During the sixteenth century, Europe was subject to a fevered and pious wave of witch-hunts and trials. English anti-witch paranoia led to the persecution and execution of a great many individuals, and brought about a large-scale shift in the legal and social culture of the time. However, surprisingly little has been written about this fascinating period of English history, beyond the individual cases of the Pendle witches of Lancashire and the activities of Matthew Hopkins (the 'Witchfinder General') in East Anglia. In this engaging new volume, brothers Andrew and David Pickering address the origins of witch-hunting in England, the methods by which it was conducted, its distribution, its causes and consequences, and its eventual decline. Many differing approaches to the subject are explored, including feminist perspectives, functional explanations and post-modern interpretations, with a strong emphasis on the primary source material, including trial records and contemporary literature such as demonological texts and Royal Society papers. The book is also lavishly illustrated with engravings, maps and location photographs.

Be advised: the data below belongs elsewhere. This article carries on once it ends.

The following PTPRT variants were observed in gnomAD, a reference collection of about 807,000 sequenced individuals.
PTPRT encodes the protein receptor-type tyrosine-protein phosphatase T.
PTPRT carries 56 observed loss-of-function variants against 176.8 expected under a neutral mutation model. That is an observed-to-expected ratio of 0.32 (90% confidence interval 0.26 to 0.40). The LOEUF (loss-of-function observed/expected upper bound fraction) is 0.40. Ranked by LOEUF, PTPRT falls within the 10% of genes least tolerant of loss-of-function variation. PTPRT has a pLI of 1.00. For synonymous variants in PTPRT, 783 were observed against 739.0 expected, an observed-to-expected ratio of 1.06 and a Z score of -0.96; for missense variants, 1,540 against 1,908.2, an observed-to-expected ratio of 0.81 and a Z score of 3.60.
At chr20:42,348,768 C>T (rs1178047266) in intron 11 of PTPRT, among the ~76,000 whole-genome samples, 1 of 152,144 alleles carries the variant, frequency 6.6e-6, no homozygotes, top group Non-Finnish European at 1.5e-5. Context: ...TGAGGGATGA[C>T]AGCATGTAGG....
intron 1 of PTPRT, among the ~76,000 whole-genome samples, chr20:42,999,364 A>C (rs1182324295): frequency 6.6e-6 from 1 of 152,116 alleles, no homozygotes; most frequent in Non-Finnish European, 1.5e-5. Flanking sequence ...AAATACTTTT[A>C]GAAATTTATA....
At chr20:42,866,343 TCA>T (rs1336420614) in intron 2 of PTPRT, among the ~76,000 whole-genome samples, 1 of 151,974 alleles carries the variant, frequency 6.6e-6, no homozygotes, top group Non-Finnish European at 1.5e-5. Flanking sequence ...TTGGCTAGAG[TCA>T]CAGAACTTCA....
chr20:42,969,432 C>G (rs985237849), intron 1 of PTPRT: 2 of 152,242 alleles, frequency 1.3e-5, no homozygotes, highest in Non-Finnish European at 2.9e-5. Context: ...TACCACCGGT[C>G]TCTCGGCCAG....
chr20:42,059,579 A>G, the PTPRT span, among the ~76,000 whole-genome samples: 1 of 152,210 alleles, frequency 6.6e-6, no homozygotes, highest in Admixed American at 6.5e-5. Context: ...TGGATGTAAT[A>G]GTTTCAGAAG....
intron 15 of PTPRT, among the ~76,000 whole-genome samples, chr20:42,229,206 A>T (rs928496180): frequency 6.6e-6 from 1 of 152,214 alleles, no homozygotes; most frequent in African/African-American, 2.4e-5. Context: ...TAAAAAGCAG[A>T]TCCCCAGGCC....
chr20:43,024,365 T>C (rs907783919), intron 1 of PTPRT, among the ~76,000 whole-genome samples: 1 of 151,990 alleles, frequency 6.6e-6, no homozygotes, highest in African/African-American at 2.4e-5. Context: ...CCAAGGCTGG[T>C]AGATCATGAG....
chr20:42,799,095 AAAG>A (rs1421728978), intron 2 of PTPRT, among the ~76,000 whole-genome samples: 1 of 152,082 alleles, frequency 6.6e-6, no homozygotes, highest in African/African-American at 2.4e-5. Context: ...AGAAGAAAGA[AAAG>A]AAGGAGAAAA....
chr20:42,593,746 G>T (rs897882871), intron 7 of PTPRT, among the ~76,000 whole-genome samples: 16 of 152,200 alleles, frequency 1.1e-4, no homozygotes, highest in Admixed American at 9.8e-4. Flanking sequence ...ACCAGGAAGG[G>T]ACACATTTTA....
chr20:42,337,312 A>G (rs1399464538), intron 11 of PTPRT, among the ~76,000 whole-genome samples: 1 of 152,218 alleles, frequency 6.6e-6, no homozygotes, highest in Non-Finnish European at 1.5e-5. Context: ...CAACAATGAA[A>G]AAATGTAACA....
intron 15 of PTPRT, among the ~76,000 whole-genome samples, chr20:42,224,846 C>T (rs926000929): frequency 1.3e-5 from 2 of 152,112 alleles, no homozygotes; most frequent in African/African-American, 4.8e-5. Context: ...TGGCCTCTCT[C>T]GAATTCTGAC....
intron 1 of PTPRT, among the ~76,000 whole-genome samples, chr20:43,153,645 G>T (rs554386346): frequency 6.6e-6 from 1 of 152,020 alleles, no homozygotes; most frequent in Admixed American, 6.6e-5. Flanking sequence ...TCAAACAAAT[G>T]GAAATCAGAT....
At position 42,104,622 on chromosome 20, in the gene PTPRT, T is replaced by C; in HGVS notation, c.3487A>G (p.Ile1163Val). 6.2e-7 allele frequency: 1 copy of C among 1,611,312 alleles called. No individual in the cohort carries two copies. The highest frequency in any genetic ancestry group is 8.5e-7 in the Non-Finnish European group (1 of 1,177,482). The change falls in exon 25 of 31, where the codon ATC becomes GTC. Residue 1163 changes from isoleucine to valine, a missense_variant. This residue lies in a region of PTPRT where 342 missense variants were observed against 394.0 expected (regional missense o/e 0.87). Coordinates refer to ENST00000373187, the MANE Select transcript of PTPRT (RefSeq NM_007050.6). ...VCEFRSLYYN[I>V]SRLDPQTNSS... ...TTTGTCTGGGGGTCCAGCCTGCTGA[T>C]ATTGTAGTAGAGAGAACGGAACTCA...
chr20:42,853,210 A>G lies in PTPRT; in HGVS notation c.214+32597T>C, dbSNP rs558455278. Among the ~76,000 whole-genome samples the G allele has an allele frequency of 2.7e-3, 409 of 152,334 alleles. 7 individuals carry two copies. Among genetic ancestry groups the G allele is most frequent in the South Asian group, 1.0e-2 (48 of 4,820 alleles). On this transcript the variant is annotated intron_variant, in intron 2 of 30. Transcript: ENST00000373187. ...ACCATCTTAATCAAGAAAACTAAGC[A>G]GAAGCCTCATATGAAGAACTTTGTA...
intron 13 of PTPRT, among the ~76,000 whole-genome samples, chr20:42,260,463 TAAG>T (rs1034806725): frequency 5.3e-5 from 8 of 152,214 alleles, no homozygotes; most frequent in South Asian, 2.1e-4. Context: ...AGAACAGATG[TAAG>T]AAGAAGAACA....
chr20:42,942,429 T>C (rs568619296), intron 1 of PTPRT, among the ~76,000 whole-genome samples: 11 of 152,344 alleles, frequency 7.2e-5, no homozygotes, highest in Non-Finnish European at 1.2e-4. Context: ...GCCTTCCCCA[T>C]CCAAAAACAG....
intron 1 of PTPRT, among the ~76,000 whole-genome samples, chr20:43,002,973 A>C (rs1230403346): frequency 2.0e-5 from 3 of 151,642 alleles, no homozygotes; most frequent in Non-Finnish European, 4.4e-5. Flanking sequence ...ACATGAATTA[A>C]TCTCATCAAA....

Andrew Pickering is Senior Lecturer in History and Archaeology at Strode College, Somerset, and is Programme Manager of a History, Heritage and Archaeology degree course at the University of Plymouth. David Pickering is an experienced reference book compiler. He has contributed to (and often been sole author and editor of) some 250 books, mostly in the areas of the arts, language, local history and popular interest.